Recently the New York Times ran an editorial lamenting the widespread misinformation appearing on the internet. They stated that each week another platform was in trouble for allowing misinformation to appear. Among other false and dubious health claims featured on his popular, Spotify-hosted podcast, Joe Rogan suggested falsely that the mRNA Covid-19 vaccines are a type of “gene therapy” and that young people are at a greater risk from the shots than the disease. This triggered calls to remove his podcast from the internet. But the Times editorial stated that this example was just a tiny drop in the ocean of online health nonsense. That’s quite right, but what can we do about it? I present below a few thoughts:
IT BEGINS WITH CONSUMER SKEPTICISM
If you are not already adept at critical thinking, I would suggest consulting my book, “Snake Oil is Alive and Well”, wherein I describe many ways to be skeptical that include sources of common judgmental errors. Examples of these include understanding numerical odds, generalizing from insufficient numbers, post hoc fallacies, regression to the mean, importance of the “placebo effect,” and many others.
WHERE CAN ACCURATE INFORMATION BE FOUND ON THE INTERNET?
Since so much false health information appears on the internet, where should we look for accuracy? Although I attempt to regularly provide accurate information on this site, more comprehensive sites are available, and the good news is that there are reliable information sources on the web — if you’re visiting the right sites. Here are some tips:
- Start with a reliable provider.
- Evaluate commercial websites carefully for bias and conflict of interest.
- Check to see if the information is current, preferably less than three years old.
- Identify the credentials of the author, such as a patient, doctor, nurse, or patient advocate.
Here are a few online resources for medical information that everyone can trust:
OVERALL HEALTH INFORMATION
MedlinePlus is operated by the National Institutes of Health’s U.S. National Library of Medicine. This website is a reliable source of scientifically based, peer-reviewed health information. There are no advertisements because it is already paid for by tax dollars. All the information is written by healthcare professionals (MDs, PhDs, RNs, etc.). If you had one place to go for information, this should be it. In general, other universities also have websites that supply good information, and although too numerous to list, the websites “Science Based Medicine” and “WebMD” are accurate sources.
By contrast, a great place to find misleading and false information is “Quackwatch,” which provides an extensive list of quacks, charlatans, and bad websites, all of which should be avoided (except for laughs)! It makes for interesting reading, which sometimes exposes certain TV personalities as outright quacks!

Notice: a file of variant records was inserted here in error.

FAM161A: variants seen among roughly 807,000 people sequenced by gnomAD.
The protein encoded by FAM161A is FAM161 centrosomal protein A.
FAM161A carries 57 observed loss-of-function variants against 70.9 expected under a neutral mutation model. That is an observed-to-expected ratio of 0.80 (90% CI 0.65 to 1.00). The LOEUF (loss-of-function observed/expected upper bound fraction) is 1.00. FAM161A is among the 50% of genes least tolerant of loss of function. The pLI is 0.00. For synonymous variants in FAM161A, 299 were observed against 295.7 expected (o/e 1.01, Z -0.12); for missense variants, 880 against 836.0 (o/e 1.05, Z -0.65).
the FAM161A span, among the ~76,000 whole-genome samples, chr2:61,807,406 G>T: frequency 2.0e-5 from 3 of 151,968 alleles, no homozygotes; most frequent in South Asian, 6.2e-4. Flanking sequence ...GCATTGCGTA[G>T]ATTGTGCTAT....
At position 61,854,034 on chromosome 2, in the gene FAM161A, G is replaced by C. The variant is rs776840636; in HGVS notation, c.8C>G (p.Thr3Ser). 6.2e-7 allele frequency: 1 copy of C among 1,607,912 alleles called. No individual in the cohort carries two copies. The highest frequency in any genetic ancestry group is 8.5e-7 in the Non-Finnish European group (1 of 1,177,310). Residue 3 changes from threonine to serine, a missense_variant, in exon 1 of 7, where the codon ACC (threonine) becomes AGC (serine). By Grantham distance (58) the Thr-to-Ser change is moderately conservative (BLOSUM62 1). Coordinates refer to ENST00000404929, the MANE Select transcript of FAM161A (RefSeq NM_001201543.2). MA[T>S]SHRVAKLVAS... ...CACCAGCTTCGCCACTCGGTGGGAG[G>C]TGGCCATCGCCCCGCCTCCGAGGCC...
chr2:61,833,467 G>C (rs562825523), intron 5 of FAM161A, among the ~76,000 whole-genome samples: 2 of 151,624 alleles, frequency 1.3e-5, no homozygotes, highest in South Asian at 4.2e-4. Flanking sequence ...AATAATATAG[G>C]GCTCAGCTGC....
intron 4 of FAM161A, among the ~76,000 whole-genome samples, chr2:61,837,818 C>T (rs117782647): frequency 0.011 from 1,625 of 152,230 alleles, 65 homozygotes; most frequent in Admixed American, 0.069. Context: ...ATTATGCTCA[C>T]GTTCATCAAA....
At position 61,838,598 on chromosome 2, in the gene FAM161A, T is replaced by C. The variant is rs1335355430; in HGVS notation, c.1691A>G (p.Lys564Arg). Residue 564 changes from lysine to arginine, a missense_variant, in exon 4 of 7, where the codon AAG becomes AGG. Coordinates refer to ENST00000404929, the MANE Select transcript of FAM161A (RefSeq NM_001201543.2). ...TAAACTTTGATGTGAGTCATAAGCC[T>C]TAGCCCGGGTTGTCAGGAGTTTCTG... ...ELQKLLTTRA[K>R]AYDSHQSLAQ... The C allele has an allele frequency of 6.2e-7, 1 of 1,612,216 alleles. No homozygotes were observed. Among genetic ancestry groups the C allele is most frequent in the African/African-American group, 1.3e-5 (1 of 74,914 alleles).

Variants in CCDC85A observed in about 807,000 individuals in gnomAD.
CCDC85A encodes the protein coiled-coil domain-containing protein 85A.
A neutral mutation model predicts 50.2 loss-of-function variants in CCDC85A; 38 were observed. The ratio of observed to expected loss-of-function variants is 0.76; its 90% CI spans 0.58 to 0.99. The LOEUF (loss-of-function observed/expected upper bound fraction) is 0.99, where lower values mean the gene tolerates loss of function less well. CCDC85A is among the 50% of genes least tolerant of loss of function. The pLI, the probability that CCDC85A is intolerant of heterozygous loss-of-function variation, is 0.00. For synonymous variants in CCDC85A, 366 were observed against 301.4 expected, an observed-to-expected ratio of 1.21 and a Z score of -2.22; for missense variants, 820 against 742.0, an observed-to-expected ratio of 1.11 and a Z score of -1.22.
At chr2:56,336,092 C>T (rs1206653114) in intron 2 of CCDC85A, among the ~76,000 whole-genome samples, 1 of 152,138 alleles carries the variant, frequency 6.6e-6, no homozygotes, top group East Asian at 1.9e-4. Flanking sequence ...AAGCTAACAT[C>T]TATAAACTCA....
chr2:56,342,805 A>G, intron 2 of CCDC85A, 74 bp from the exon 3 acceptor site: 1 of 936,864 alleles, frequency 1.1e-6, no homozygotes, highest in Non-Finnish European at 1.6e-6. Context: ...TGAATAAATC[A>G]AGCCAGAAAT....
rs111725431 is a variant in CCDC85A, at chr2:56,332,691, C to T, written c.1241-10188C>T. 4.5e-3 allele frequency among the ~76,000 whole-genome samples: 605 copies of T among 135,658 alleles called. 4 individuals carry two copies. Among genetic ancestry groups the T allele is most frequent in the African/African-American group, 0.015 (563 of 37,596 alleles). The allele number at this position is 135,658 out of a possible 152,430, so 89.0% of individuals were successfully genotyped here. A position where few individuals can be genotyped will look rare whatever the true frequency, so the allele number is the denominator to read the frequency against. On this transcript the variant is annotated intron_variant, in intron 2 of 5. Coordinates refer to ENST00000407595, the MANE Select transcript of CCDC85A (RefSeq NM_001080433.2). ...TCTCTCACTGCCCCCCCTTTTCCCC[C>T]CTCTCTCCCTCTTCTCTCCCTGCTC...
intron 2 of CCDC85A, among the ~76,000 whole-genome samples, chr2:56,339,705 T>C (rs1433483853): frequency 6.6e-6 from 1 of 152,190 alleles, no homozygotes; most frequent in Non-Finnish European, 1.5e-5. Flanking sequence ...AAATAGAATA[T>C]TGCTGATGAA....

Daily Med is also operated by the National Institutes of Health’s U.S. National Library of Medicine, making it very reliable and ad-free. Information is sourced directly from the Food and Drug Administration.
MEDICAL PROCEDURES AND ISSUES
The Mayo Clinic and Johns Hopkins are arguably two of the world’s leading institutions of medicine and science. Both are consistently ranked among the best medical providers in the country, and both conduct extensive medical and scientific research which keeps them at the forefront of innovation. They may be slightly more complicated to navigate than MedlinePlus or Daily Med, but quite accurate. However, they make up for this by having extensive information on medical procedures. You can search for tests and surgeries and get a lot of reliable info. Both the Mayo Clinic and Johns Hopkins are technically not-for-profit medical services, as are many university sites such as Tufts and Harvard Universities and other such well-respected institutions.
The NIH Office of Dietary Supplements might be hard to remember, but it makes up for it with extensive information. It provides scientifically verified information on vitamins and supplements that can’t be found anywhere else. One great feature offered by the NIH Office of Dietary Supplements is direct citations to the peer-reviewed articles. That makes it easier for patients to look deeper into the medical research. Although it’s useful in providing information about vitamins and minerals, it fails to enlighten the consumer about all the “supplements,” such as the many herbal products that stock the shelves of pharmacies and “health food” stores, most of which are, at best, useless, or, at worst, downright dangerous! To make a long story short, stay away from all these products, at least until you encounter a reliable, qualified originating source of information. I attempt to explain this subject in detail in my other book: “Health Tips, Myths, and Tricks,” in which I have no conflicts of interest, other than selling books!
WHAT ABOUT THE INTERNET PLATFORMS SUCH AS FACEBOOK?
This is a murky area that often escapes with first amendment protection, i.e., freedom of expression. Although internet sponsors such as Facebook should attempt to prevent the appearance of obviously dangerous information or products, this is no easy task that extends also to various TV and news outlets. One example of the latter is the recent touting on Fox News of ineffective—possibly dangerous—products, ivermectin and hydroxychloroquine, for treatment of COVID-19.
The best defense against such misinformation is for the consumer to arm him/herself with healthy skepticism abetted by reliable sources of information cited above!
ONE MAJOR FINAL CAVEAT
Do not try to perform self-diagnosis of any real or imaginary maladies from the internet. At the very least, begin by consulting with a good licensed medical practitioner!